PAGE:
This show had it all: a nice Catholic family living in Philly with the perfect mom-in-pearls and the hunky, hard-ass, blue collar dad. Think Leave it to Beaver meets Father Knows Best meets American Bandstand.
Oh, hey, did I mention it was set to a rockin’ ‘60s soundtrack?
I loved this show for the way it brought us back to a simpler time when moms stayed at home and wore heals to vacuum. Dad’s drove the family’s single vehicle to-and-from work each day and expected a perfect dinner greeting them at day’s end. A time when no teenage girls wore skirts above their knees and playing high school football was the older brother’s rite of passing.
Toss in some racial tension and the inevitable Vietnam War, and this show was essentially a history lesson for the
clueless spoiled unaware
youth of today. (Dang, when did I get so old??)
There’s so much I could say about this short-lived series, but my articulation will in no way do it justice.
Just watch the video below instead. I guarantee it will leave you yearning for a simpler time... or at least the ability to relive this series on DVD.
1) The Unit
Based on my preference for Robert Patrick (over David Duchovny, AKA Mulder, as described above in point #4), it will in no way surprise you to know that I first began watching The Unit because of him.
Not only has he played a former Marine and an FBI agent (The X-Files), but The Unit brought us Col. Tom Ryan, the hard assed commander of an elite group of US Army Special Forces. (Think: SEAL Team Six in terms of unconventional warfare, except in Hollywood.)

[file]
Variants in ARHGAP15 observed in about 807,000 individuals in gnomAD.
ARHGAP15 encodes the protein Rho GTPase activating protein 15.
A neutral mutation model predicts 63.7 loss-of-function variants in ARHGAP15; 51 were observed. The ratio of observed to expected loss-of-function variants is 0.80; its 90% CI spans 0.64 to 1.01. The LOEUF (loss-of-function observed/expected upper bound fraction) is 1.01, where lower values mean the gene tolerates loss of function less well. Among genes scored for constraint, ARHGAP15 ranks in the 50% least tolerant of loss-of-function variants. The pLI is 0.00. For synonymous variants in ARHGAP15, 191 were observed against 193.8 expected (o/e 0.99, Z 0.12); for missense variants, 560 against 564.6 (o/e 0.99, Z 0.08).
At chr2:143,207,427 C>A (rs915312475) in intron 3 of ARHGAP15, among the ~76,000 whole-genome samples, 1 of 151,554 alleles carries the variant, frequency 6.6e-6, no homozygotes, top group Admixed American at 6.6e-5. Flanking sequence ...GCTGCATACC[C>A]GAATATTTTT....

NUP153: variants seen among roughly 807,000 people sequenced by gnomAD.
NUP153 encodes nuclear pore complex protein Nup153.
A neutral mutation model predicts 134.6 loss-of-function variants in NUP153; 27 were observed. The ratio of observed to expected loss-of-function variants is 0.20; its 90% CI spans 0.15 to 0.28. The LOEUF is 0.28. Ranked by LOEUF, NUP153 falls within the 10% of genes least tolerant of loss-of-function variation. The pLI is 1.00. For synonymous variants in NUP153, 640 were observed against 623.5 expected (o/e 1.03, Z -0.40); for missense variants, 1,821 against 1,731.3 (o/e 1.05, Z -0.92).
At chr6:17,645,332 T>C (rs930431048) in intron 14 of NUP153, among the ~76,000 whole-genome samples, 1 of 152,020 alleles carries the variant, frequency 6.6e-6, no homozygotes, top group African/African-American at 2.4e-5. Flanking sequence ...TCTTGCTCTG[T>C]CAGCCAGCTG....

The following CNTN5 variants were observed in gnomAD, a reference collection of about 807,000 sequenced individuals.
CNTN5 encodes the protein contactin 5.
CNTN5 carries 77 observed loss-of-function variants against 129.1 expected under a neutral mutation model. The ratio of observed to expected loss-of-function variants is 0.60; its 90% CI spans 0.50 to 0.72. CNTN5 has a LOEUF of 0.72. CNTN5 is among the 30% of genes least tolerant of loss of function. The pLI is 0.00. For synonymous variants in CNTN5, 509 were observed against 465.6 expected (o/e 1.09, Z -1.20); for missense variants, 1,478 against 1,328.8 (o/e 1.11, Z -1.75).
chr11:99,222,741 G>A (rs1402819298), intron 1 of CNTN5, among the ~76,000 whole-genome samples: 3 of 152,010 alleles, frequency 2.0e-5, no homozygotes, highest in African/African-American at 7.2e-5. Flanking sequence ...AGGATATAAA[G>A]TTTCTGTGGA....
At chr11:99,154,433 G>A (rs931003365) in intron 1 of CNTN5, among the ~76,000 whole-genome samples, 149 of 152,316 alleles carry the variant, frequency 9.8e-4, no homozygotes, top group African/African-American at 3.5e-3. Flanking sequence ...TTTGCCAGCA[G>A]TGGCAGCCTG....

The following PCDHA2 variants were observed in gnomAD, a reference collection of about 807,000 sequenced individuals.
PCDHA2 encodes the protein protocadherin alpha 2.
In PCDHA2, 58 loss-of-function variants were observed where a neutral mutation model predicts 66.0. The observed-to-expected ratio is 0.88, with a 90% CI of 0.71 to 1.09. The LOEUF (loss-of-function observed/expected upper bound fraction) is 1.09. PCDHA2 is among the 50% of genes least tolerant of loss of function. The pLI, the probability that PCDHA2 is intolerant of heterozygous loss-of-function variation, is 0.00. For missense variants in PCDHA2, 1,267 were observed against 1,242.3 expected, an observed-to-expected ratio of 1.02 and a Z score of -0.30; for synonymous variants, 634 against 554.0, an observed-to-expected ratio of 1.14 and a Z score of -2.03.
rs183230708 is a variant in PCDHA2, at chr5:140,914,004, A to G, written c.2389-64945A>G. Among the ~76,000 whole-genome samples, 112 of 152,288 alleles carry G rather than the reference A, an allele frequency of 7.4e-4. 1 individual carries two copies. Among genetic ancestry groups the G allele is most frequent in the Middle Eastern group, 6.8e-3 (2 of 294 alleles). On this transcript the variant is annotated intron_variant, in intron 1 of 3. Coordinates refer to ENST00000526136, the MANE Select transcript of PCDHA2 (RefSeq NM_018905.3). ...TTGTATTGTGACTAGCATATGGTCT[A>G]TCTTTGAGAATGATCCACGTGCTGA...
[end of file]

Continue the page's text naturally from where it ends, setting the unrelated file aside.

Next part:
(WARNING: Mini rant up ahead.....)
The frustrating part for me was that, outside of my own household, I personally know of only ONE OTHER PERSON in all of North America who actually watched this show with any regularity.
And for that I blame one thing: the fact that it got bounced around from one time slot to another and made appearances on varying nights of the week.
In other words, I never knew when or where it would be on, so I constantly had to do my research each week for fear of missing an episode.
Now, if I was merely a fair-weather fan of this show, I wouldn’t have bothered to consistently seek it out – and I think that’s what happened with most people, and so the show never got the viewers or ratings it deserved.
Curse you, CBS, for not committing to this quality program!
(Okay, the warning has been lifted. For now.)
So, back to the show itself: It only aired for four seasons, but it truly improved with each coming episode. It made me laugh, cry, shudder in disbelief – but mostly I was just amazed at how cleverly written it could be. I became so emotionally involved in this series that, at the end of each episode, I secretly wanted to enlist in the military and be a super-cool sniper or something.
(And, yes, my husband heavily mocked me for this and proceeded to state his opinion as to why a woman could never be a sniper unless she stopped menstruating. Or something like that. I don’t know-- I must have stopped listening after the part where he looked at me incredulously and just said, “Sniper? Really? You? Have you ever even held a rifle before?” Ahem. You can see why I stopped listening.)
Like a couple of the other shows listed above, this series ended without rapping up any of its storylines, which is completely irksome. The season four finale was a cliff hanger that aired in the spring of 2009, and I desperately waited for it to return that fall, but nada.
Unless CBS manages to reassemble this talented cast for a one-time made-for-TV movie in an effort to tie up loose ends, I’ll never know if Molly went back to Jonas. Or if Tiffy and Mack stayed loyal to each other long enough to save their marriage. (Oh, the drama!)
The only thing for which I can take some solace in is that we own all four seasons on DVD and can relive them in all their glory again and again.... up to the point where that final cliff hanger does exactly that -- leaves us hanging.